It hasn’t quite reached the level of hysteria as “pink slime,” but I’ve seen an inordinate amount of attention being given to the issue of McDonald’s being located inside hospitals. A group of physicians have encouraged hospitals, especially children’s hospitals, to boot the fast food giant: “Children’s Hospitals Urged to Show McDonald’s the Door.”
It might seem strange to have food generally labeled as unhealthy to be inside a healthcare facility. But, are we focused on the highest-impact problem with this hype?
Hospital cafeterias are often full of unhealthy options. I could, if I wanted, just as easily get fried foods, sweets, and hamburgers there. One hospital client of mine had a new cafeteria chef who tried introducing healthier options, but parents complained that they wanted mashed potatoes and other comfort foods when their kids were sick and in the hospital. So, in the name of patient/family satisfaction, the hospital caved in.
Either way, the issue isn’t just McDonald’s.
As mentioned on one cable news talk fest, the problem of hospital-acquired infections is a FAR more serious issue, as approximately 100,000 hospital patients die every year due to infections that are increasingly seen as preventable.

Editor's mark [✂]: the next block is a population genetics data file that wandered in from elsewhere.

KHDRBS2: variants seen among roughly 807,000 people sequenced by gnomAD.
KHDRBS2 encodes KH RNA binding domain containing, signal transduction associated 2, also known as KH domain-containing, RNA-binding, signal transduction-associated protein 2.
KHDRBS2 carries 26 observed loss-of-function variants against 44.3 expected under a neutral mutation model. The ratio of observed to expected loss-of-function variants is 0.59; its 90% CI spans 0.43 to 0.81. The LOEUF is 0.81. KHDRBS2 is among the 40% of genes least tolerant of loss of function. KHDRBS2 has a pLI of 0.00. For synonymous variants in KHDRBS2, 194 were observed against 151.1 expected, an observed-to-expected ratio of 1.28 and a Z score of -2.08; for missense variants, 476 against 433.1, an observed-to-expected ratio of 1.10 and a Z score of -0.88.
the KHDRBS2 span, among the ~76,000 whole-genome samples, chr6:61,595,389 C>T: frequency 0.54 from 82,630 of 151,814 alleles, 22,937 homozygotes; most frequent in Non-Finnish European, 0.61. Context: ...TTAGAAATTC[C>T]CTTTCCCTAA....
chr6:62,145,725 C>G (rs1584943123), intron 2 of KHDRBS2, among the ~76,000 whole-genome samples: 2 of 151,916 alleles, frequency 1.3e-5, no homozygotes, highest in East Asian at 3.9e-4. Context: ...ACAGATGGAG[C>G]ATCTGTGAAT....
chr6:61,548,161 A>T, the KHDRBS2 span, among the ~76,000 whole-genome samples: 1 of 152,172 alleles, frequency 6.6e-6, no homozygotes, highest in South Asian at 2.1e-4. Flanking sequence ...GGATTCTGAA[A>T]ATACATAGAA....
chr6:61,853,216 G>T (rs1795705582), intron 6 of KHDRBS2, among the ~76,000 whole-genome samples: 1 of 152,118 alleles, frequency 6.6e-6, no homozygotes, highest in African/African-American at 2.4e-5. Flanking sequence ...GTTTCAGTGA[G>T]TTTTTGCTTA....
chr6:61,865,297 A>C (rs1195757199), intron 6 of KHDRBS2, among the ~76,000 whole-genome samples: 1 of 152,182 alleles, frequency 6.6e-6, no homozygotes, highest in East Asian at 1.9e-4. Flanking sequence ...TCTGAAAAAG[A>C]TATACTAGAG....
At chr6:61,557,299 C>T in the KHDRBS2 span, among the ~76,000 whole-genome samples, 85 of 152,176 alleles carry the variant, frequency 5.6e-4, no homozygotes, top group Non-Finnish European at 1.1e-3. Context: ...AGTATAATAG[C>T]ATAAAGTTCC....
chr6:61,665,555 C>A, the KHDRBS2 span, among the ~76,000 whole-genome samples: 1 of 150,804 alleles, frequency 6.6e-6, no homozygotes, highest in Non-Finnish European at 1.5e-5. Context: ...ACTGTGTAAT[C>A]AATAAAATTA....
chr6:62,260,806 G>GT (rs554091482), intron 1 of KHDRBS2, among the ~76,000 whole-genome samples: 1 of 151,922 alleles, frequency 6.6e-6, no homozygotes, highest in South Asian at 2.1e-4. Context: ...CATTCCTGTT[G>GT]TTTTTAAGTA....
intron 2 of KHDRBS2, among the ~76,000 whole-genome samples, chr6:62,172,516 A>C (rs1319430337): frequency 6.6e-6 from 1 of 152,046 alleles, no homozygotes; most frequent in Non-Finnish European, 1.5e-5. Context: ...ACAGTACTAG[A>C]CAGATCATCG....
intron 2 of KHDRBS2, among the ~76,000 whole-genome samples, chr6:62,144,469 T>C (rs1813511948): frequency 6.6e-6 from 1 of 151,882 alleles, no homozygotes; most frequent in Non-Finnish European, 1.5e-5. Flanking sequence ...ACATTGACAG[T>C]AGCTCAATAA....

See the data on the scale of the quality and patient safety problem in the United States and around the world.
NOTE: Total deaths from errors and infections would be quoted as 99,000 plus one of the top three estimates.Hospital errors rank between the fifth and eighth leading cause of death, killing more Americans than breast cancer, traffic accidents or AIDS (IOM).Just one type of errorâ€”preventable adverse drug eventsâ€”caused one out of five injuries or deaths per year to patients in the hospitals that were studied (AHRQ, 2000).
See collected results of hospitals that are dramatically reducing infections and other quality and patient safety problems. We have pockets of success, but the industry, as a whole, is not improving quickly enough.
Organization: Allegheny General Hospital (PA)
- (Central Line Associated Bloodstream Infections) CLABIs were nearly eliminated, falling 76 percent from 49 infections in 37 patients (5.1 per 1,000 line days) in the year before the intervention to six infections in six patients (1.2 per 1,000 line days) during the intervention year (Figure 11). Among patients with CLABs, the number of deaths decreased 95 percent and the death rate decreased 69 percent, from 19 of 37 patients (51%) to 1 of 6 patients (16%). Of the six CLABs that occurred, four were attributed to failures to follow specific guidelines.
Where is the outrage over healthcare quality and safety?
About LeanBlog.org: Mark Graban is a consultant, author, and speaker in the “lean healthcare” methodology. Mark is author of the Shingo Award-winning books Lean Hospitals and Healthcare Kaizen, as well as the new Executive Guide to Healthcare Kaizen. Mark is also the Chief Improvement Officer for the technology company KaiNexus.